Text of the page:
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Mastering These 10 Cooking Skills Will Make Adulting Much Easier

A woman cooking and looking at a recipe on her phone.

Adulting is hard no matter what, but especially if you haven’t yet learned some basic cooking skills. That’s where we come in! Whether you need to invest in some kitchen must-haves, or you just want to learn how to use a meat thermometer, we’ll show you the ropes.

Brush Up on Food Safety

The last thing any cook wants to do is make someone ill from a meal they’ve cooked. This is why following the USDA’s safety practices when it comes to handling food will reduce the risk of any foodborne illness.

Be sure to scan all of them, but these four principles are the most important:

  • Clean everything thoroughly: Always wash your hands before and after handling food, and keep all surfaces, tools, and appliances sanitized.
  • Separate foods: Avoid cross-contamination by keeping raw meat, seafood, and poultry away from fresh, ready-to-eat foods, both while shopping and prepping.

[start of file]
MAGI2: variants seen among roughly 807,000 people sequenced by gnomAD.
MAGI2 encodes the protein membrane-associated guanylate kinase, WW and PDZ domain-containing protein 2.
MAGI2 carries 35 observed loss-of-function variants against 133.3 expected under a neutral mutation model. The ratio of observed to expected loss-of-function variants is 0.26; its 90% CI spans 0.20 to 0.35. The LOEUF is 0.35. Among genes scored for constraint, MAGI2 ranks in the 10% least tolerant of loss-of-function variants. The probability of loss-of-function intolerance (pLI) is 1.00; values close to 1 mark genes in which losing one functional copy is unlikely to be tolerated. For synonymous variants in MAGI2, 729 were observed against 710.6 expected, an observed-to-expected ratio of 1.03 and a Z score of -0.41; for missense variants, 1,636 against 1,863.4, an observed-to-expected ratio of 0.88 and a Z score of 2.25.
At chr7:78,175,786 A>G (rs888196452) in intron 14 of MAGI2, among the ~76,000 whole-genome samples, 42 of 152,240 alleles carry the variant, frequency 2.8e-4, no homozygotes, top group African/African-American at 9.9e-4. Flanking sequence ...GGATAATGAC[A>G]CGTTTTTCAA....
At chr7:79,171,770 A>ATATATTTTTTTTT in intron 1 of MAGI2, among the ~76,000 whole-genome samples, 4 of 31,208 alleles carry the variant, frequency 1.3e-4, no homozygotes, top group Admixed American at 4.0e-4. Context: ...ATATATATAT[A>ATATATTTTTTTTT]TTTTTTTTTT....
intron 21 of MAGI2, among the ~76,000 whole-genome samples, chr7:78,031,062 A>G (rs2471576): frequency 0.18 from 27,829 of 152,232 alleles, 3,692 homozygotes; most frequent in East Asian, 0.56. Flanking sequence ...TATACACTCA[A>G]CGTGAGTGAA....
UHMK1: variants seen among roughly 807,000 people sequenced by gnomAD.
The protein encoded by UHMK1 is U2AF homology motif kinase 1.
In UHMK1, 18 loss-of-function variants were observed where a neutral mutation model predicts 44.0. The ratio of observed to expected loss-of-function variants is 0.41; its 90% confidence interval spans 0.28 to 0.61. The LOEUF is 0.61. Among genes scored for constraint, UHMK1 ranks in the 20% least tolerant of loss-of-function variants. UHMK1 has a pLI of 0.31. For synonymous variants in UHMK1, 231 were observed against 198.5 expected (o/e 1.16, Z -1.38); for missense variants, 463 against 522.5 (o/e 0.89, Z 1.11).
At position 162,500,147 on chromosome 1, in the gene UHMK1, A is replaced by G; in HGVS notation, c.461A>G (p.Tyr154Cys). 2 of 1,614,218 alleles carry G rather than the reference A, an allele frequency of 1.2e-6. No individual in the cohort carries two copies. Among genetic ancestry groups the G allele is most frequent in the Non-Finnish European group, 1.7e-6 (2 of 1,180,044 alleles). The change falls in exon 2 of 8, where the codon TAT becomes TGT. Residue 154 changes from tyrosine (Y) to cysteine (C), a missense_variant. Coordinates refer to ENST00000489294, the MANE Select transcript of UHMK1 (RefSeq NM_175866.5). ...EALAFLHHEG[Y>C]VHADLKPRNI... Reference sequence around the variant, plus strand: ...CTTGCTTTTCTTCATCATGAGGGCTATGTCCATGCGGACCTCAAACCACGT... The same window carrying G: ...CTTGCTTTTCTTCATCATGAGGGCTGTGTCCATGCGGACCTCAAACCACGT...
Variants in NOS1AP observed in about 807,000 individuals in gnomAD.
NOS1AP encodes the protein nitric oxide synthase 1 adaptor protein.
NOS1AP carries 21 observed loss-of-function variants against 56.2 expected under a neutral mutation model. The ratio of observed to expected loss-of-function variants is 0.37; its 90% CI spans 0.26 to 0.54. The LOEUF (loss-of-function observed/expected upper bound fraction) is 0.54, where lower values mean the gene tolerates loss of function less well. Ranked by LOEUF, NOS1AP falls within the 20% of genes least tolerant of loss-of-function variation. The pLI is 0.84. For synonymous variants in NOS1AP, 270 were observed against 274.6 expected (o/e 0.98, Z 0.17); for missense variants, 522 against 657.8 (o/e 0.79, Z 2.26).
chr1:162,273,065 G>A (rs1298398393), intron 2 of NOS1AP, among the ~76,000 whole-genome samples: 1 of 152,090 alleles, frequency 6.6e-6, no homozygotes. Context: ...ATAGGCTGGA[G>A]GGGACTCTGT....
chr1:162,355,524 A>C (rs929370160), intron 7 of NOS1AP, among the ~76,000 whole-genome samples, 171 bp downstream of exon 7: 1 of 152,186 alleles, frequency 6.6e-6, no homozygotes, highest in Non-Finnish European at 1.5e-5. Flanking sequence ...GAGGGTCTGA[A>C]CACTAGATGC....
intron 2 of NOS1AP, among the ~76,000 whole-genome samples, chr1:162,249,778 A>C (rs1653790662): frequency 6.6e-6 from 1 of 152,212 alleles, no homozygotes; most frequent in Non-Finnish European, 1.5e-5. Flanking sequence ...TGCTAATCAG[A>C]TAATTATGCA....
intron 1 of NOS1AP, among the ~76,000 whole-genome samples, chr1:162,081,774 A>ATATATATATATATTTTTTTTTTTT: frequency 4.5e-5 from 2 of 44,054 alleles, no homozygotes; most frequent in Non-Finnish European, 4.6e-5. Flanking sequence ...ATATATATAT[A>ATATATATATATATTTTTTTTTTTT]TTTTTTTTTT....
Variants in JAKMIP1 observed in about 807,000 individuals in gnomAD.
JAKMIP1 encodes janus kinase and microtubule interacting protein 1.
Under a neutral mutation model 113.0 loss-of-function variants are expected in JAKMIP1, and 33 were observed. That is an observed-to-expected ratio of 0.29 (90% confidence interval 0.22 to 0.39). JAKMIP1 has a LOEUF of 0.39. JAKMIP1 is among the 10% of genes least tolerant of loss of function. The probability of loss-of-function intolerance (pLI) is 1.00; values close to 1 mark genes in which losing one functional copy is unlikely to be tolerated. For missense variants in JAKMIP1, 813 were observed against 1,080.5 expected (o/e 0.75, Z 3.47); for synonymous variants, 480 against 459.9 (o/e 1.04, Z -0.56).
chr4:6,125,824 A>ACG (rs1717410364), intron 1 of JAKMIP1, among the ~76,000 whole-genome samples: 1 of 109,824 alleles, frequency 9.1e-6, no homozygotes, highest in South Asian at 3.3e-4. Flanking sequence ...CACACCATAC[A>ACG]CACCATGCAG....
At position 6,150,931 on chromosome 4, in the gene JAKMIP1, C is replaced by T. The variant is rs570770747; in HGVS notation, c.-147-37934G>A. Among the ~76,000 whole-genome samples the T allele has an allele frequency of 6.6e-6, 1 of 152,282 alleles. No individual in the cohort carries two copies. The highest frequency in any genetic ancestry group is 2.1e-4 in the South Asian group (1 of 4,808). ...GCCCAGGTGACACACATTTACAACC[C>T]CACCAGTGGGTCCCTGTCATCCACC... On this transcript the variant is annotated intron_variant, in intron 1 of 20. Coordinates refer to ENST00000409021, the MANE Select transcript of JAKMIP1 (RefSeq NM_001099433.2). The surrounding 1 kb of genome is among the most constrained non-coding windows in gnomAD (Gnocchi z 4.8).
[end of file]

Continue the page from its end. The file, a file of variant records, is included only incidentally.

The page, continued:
• Cook thoroughly: Use a thermometer to check internal temperatures. Hot foods should be 140 degrees Fahrenheit or above before they can safely be served.
  • Chill properly: Avoid the Danger Zone (40-140 degrees Fahrenheit) by storing foods at the appropriate temperature. Cold foods should be stored at 40 degrees Fahrenheit or below.

Learn How to Boil Pasta

Someone checking spaghetti in a stockpot.

Elevate your pasta game by boiling it to a perfect “al dente,” which is pasta boiled just long enough to create a firm bite. The trick here is to cook your pasta just long enough that it’s not crunchy, but not so long that it’s mushy.

After about seven minutes of boiling, remove and test a piece. You can also check for al dente by cutting a piece of pasta in half and checking the inside. If there’s a tiny core that’s uncooked in the middle, you have reached al dente!

Invest In the Right Tools

Someone measuring an ingredient in a 1/4 teaspoon, a sheet pan full of food, a utensil set on a counter.
forkmannie/Nordic Ware/FineDine

A good set of knives is, arguably, the most essential kitchen tools anyone can own. However, you’ll also need a few others to get started.

Here’s a short list of helpful tools you’ll want by your side for all your cooking adventures:

An Extra Large Cutting Board

Chop all those veggies and meats without damaging your counters.

HOTEC Locking Tongs with Silicon Tips

For sanitary, hands-free handling.

Lodge 10-1/4 Inch Pre-Seasoned Skillet

Everyone needs one of these for scrambled eggs and steaks.

AmazonCommercial Glass Measuring Cup Set

Follow those recipes precisely with this four-piece set.

forkmannie Magnetic Measuring Spoon Set

You'll need these to measure smaller amounts.

Nordic Ware Aluminum Sheet Pan Set